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Dodgers get night in the driver’s seat

Times Staff Writer

If there was a time for the Dodgers to humble their tormentor, this was it, in the 147th game of the season, with the division title still (barely) within reach.

The Dodgers drove Doug Davis out of the game only 4 2/3 innings into Friday night’s series opener against the Arizona Diamondbacks at Dodger Stadium, pounding him for six runs and nine hits.

The offensive output was enough to give the Dodgers a 7-4 victory on a night when staff ace Brad Penny was far from his best.

Takashi Saito picked up his 39th save as the Dodgers moved to within 4 1/2 games of the Diamondbacks in the National League West, a race they appeared to be all but out of not so long ago.

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And Davis was hardly the man the Dodgers wanted to see standing on the mound Friday. In 30 career innings against them, he hadn’t been charged with a single earned run. His last start in Los Angeles was a 96-pitch masterpiece, in which he blanked them over eight innings and won, 1-0.

Davis had won seven of his last eight decisions.

“The guy changes speed,” Dodgers Manager Grady Little said before the game. “When he’s in the strike zone, he’s tough. He’s a veteran pitcher. He exposes any weaknesses that you have.”

But, Little noted, “Today’s another day.”

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That much was evident in the first inning, when James Loney doubled into the left-field corner to drive in Rafael Furcal.

The Dodgers put up another run in the fourth when Russell Martin singled in Jeff Kent to tie the score 2-2, but blew a chance to take the lead. They had the bases loaded, only to see Andre Ethier line out to first, Penny strike out and Furcal ground out to third. The Dodgers’ big inning came in the fifth, when they put up four runs and forced Diamondbacks Manager Bob Melvin to pull Davis.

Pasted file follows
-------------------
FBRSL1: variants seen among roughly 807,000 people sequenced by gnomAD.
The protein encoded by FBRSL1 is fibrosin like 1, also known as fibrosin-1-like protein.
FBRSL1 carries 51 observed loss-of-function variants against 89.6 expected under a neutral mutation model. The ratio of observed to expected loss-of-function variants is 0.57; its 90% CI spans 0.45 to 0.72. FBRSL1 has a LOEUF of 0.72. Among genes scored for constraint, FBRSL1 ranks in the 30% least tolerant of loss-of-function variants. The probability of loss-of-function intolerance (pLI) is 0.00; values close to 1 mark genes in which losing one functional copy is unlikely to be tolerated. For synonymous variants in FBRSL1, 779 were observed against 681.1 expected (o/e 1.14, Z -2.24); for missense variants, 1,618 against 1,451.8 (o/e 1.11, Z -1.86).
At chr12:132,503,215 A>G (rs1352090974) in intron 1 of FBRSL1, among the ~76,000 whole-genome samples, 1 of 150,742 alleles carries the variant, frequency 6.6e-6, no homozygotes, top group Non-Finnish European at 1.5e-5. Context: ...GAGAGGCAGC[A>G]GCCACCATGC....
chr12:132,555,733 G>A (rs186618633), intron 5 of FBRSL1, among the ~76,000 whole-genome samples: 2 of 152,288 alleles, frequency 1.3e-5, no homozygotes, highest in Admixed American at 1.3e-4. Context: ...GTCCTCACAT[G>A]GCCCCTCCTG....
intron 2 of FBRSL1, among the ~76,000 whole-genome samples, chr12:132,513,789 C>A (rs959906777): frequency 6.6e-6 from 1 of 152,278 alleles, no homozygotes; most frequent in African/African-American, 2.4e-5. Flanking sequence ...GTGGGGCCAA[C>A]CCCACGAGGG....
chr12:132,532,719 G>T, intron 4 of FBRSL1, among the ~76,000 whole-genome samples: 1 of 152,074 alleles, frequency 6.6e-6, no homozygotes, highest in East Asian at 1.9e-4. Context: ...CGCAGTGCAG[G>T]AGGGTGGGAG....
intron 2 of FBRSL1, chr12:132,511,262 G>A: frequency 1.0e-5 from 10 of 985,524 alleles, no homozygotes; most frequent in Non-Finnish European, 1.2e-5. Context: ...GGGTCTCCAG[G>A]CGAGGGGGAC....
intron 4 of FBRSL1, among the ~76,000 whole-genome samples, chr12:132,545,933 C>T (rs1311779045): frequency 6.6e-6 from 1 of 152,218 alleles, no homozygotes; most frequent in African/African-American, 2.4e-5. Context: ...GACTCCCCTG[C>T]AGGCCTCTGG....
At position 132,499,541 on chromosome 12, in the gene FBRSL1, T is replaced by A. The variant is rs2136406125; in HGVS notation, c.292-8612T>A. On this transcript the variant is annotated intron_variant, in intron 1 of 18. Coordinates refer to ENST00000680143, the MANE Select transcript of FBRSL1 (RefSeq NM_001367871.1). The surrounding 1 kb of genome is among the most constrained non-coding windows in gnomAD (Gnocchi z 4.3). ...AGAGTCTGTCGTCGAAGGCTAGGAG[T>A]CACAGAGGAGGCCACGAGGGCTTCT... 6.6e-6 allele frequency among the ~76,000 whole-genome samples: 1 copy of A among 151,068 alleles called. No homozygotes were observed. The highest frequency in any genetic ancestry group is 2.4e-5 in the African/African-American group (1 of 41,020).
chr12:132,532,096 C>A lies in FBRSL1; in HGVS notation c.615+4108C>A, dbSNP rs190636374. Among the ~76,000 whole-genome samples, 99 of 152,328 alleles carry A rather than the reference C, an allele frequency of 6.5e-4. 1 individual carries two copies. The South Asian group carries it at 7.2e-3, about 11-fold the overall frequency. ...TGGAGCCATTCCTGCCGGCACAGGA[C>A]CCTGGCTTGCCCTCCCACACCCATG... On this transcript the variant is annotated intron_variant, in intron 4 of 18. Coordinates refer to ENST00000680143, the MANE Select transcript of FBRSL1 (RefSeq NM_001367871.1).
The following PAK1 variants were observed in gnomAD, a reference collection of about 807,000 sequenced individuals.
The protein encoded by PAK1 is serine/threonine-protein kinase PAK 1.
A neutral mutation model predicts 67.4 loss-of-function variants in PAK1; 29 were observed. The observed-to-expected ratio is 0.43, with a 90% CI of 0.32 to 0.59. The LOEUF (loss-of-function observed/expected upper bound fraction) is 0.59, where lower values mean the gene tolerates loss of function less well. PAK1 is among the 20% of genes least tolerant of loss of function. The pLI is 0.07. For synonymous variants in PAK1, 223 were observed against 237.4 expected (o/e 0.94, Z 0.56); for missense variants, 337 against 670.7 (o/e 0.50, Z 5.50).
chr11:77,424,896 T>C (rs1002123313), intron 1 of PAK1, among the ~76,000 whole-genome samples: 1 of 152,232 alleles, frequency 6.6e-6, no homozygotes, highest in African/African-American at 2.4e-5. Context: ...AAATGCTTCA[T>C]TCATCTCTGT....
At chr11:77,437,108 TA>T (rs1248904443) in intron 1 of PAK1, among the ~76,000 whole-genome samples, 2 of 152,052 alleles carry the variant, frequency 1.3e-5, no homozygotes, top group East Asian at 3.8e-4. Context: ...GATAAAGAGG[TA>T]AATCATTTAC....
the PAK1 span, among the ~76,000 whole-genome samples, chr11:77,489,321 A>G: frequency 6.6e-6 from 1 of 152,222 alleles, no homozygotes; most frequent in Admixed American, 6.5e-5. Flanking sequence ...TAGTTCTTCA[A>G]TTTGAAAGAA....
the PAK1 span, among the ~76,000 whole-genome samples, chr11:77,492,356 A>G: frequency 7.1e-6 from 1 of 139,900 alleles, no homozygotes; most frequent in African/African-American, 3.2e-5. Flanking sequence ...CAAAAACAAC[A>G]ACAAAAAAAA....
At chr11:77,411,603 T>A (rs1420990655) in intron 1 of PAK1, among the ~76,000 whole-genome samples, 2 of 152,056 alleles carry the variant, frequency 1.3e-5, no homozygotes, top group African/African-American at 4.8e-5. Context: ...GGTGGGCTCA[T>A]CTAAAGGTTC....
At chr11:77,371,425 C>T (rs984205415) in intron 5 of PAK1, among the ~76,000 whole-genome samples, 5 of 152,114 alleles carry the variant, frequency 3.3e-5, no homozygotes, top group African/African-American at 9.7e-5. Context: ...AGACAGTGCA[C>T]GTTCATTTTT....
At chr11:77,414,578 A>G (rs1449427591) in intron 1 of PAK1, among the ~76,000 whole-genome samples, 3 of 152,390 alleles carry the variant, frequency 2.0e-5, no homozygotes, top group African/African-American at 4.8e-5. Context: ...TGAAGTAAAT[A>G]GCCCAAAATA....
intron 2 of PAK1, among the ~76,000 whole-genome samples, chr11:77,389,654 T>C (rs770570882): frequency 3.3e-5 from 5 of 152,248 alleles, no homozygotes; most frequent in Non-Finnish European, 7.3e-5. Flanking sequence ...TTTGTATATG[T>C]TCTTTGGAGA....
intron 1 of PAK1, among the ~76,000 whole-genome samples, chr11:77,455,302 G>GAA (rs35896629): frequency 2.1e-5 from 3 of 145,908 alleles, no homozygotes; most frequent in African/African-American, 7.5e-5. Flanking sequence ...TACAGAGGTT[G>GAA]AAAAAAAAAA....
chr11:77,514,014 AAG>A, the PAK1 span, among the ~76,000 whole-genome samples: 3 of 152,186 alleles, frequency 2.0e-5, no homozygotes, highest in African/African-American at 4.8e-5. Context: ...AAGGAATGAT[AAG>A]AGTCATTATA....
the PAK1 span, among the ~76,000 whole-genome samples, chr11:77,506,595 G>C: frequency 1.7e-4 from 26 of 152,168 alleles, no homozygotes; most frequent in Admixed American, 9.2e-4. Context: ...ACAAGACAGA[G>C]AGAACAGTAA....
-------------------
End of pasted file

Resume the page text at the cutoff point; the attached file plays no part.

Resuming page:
Nomar Garciaparra, who hadn’t played in two games, hit a bases-empty home run. Matt Kemp tripled to drive in Martin and scored on a single by Ethier.

The resulting 6-4 lead didn’t look safe, the way Penny was struggling.

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He started the game by loading the bases and walked in a run with one out. Penny managed to minimize the damage by striking out Chris Young and Stephen Drew.

Penny gave up a run in the fourth and two more in the fifth on a home run by Mark Reynolds.

Penny’s last start was the subject of debate, as he was pulled a batter into the eighth inning of an eventual loss to the San Francisco Giants. Penny had only thrown 82 pitches, his lowest total of the season.

But Penny defended Little this week, saying Little told him in advance that he would be pulled when he let a runner get on base, which, in this case, turned out to be a double to Kevin Frandsen.

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“The managers are always going to take the fall because of the money the players are making,” Penny said. “You can’t fire 25 guys, you can’t blame 25 guys. This is my eighth year, I’ve had six different managers. And the teams that were good won, the teams that weren’t lost and it had nothing to do with who was managing.”

Penny recalled how, when he was part of the Florida Marlins team that won the 2003 World Series, Manager Jack McKeon often relied on instinct to make decisions.

“He went with gut feeling,” Penny said. “If we had lost, people would’ve blamed him for everything.”

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dylan.hernandez@latimes.com


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